The National Theatre's autumn season includes the world premieres of four new plays, plus a revival of an 18th-century British comedy, with casts that include Ralph Fiennes, Jodhi May, Ian Holm, Lia Williams, Harriet Walter and Penny Downie.

Fiennes will star in a new play by Christopher Hampton, The Talking Cure, directed by Howard Davies and opening in the Cottesloe on 12 December, following previews from 6 December. Fiennes, who last appeared at the National in 1987 but has since forged an international stage and screen career with the Almeida Theatre and in such films as Schindler's List, The English Patient and The End of the Affair, will play psycho-analyst Jung in the play that deals with his early years, as he experiments with a young Russian patient, Sabine Speilrein, using Freud's controversial new methods of psycho-analysis. Speilrein will be played by Jodhi May, making her debut at the National but whose extensive body of film work includes The Last of the Mohicans, Sister My Sister (for which she won the Best Actress Aard at Cannes) and The Woodlanders. James Hazledine, most recently seen at the National as the father Joe Keller in Howard Davies's production of All My Sons, plays Freud. Davies won the 2001 Olivier Award for Best Director for that production, and subsequently directed the West End revival of Private Lives with Alan Rickman and Lindsay Duncan that transferred to Broadway earlier this year.

Sir Ian Holm returns to the National, where he gave a multiple award-winning performance in the title role of King Lear (taking Best Actor awards in the Evening Standard, Critics' Circle and Olivier ceremonies), to lead the cast of Shelagh Stephenson's debut play for the National, Mappa Mundi. It also runs in the Cottesloe, opening on 24 October, following previews from 18 October. The play, which also features Tim McInnerny and Lia Williams, follows the journey of a man coming to terms with the parameters of his life. Stephenson's previous plays include The Memory of Water (first seen at Hampstead Theatre and subsequently in the West End, where it won the Laurence Olivier Award for Best New Comedy in 2000), An Experiment with an Air Pump, Ancient Lights and Five Kinds of Silence. It is directed by Bill Alexander, who recently revived his Birmingham Rep pr oduction of Bryony Lavery's Frozen at the Cottesloe.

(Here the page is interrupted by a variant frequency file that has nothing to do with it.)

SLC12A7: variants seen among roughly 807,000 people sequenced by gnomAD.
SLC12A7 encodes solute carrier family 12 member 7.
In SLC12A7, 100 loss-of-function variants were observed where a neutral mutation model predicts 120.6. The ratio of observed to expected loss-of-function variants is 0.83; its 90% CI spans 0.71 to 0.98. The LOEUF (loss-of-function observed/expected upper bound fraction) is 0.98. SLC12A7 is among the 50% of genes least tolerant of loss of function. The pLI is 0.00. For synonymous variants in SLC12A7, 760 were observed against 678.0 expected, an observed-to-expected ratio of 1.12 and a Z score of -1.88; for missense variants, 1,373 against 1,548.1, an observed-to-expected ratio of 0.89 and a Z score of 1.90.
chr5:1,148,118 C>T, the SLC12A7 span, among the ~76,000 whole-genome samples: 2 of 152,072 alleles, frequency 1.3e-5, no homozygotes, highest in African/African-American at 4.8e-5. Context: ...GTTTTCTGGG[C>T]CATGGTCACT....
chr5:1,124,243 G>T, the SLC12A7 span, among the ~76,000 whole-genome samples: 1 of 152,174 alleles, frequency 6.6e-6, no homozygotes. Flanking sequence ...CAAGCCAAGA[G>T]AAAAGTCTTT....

The life of the studio Loft theatre in the Lyttelton circle foyer is being extended beyond the current Transformation season to accommodate the premiere of Moira Buffini's Dinner, directed by the author with a cast that includes Penny Downie, Nicholas Farrell and Harriet Walter, as an artist, scientist and sexpot who come to dinner. It opens in the Loft Theatre on 18 November, following previews from 14 November.

Co-productions with Out-of-Joint bring a revival of Goldsmith's She Stoops to Conquer alongside a new play by April de Angelis, A Laughing Matter, which goes behind-the-scenes of Goldsmith's comedy. A single ensemble company under the direction of Max Stafford-Clark, performs them in repertoire with press performances for both plays on 17 December, following previews from 30 November.

- Mark Shenton